10 life lessons I've learned from teaching yoga
Even though I'm not teaching yoga right now, I reap the benefits of that experience nearly every day. It sounds trite, but yoga teacher training completely changed my life. I felt so honored to guide students anywhere from 2-6 times a week through movements based on breath, and selfishly, that practice led to many, many personal breakthroughs for me.
Here are the top ten life lessons I learned from being a yoga teacher thus far.
1. You never stop being a beginner.
For a very long time, I felt nervous to use my voice. I didn't want to say the wrong thing. I wanted to look good, seem smart, and appear perfect. I hated the feeling of foolishness, to the point where I shied away from new opportunities that didn't fit my pre-established checklist or box of "shoulds."
And as a yoga teacher, I saw this same behavior EVERY. SINGLE. CLASS. I mean, hot damn, if I had a dime for every time I observed someone doing their best to be perfect on their yoga mat, I could pay off my student loans. Seriously.
But allowing yourself to be imperfect is a beautiful thing. Being open to newness or change, whether it comes easy or brings a challenge, is a true gift because it gives you the chance to explore. It's okay to be a beginner at something. It's okay to start over in relationships, in careers, in parenting styles, in attitudes, in fashion sense, in political opinions. If you embrace this mindset rather than shove against it, you'll likely experience more joy, lightheartedness and ease in experiencing what life throws at you.
2. Paying attention to small things can lead to huge impact.
One of my yoga teachers will always find a way to give the tiniest adjustment in class that causes me to go, "Ohhhh, so that's what I'm supposed to be feeling right now?!" Most of the time this adjustment is barely visible from an outsider's perspective; only I can feel it. When it happens, it transforms the pose (usually making it harder, let's be real).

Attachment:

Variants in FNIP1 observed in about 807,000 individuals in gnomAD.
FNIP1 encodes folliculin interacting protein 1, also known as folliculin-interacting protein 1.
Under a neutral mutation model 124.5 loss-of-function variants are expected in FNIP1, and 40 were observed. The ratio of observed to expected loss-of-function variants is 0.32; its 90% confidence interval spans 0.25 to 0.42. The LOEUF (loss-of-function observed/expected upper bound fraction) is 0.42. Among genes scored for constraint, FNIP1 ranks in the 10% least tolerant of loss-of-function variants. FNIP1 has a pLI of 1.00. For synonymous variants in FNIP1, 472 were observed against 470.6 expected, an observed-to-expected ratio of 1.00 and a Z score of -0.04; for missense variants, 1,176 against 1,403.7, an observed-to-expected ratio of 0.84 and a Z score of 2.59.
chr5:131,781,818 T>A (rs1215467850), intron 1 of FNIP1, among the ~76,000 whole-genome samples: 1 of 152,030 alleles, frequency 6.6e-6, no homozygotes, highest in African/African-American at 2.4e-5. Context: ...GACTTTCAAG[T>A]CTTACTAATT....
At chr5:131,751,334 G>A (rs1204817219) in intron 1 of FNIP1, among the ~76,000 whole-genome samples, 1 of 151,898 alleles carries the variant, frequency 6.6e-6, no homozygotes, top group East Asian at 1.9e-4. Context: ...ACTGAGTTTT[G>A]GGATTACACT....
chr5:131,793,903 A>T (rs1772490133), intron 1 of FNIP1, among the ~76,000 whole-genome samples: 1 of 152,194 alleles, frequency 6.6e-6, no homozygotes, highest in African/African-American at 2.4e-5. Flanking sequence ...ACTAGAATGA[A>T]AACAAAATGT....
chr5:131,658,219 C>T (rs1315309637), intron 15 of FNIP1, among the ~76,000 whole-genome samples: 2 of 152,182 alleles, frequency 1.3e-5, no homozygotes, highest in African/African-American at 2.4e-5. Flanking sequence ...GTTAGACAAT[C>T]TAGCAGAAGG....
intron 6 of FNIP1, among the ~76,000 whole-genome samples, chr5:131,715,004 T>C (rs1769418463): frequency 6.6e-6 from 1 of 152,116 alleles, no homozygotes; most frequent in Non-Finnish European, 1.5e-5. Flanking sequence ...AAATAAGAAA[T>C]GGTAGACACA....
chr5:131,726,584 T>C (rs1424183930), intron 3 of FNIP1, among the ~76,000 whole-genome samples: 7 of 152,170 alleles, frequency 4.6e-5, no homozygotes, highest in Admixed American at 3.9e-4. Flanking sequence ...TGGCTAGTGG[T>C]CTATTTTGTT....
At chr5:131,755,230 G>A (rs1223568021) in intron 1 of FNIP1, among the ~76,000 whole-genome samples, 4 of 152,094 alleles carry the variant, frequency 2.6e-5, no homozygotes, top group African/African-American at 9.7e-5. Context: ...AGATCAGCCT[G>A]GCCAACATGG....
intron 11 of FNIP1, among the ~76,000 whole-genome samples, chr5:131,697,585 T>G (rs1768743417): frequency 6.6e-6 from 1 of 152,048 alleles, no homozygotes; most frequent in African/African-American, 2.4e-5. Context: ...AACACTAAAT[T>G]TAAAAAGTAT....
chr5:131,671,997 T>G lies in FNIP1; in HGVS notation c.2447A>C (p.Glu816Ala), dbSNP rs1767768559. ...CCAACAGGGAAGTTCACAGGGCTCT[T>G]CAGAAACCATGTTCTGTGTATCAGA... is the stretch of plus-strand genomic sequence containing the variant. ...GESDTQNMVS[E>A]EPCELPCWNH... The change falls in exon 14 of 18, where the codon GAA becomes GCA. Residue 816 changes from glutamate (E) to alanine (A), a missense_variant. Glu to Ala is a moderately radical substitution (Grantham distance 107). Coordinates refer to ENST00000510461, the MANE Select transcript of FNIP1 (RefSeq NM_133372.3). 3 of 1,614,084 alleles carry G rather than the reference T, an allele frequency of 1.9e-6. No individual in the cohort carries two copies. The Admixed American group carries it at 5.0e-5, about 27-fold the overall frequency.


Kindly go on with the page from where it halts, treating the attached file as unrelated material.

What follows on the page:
Now having been on the other side, I know that it is totally up to the student to decide to work that hard. Teachers offer up moments to go deeper, but I can't tell you the number of times I did that only to be denied by a student. I don't take it personally; I get it. We slip into this auto-pilot mode constantly, because it is easier than paying close attention. You can absolutely move through a yoga class and through your daily life doing the bare minimum, but you'll see minimal results and you won't feel very much.
One of my favorite short poems by Mary Oliver goes like this: "Instructions for living a life: Pay attention. Be astonished. Tell about it."
3. Your presence is more valuable than any present.
Once you start practicing presence, you really can't go back. You will begin to notice who makes eye contact, and who stares past you. You will work on being a better listener, because you'll know how it feels when someone is off in another world but saying all the right mmhmms to your face. And you will realize that receiving someone's full attention is priceless, so you will want to give it to others. Presence makes you feel seen, understood, heard and loved.
Easier said than done, of course. Just last night, my husband called me out for mindlessly scrolling through my phone while on the couch. "I just want to know that you're listening when I talk to you," he said simply. Ick. That didn't feel good to hear. But he was right. I could've come up with excuses why my lack of attention wasn't a "big deal," but it was. Be present with people.
4. Your breath is your most useful tool.
When's the last time you took a big, deep breath? Can't remember? No worries, it happens to me, too. As a yoga teacher, I was fascinated by the fact that we're all breathing, all the time, but most of us don't know how to breathe. We err on the side of shallow, quick breaths, but we need full, slow breathing to regulate our nervous system and calm our mind. Your breath is a free tool at your disposal in any situation. When it disappears for a moment, you feel sluggish, off-kilter, frantic; if it disappears entirely, you cannot breathe and therefore you cannot live.
Whatever happens in your day, before you react, take a robust breath. Inhale to a count of five, and exhale to a count of five. And then move from there with strength, intention and energy.
5. Find the root of your discomfort.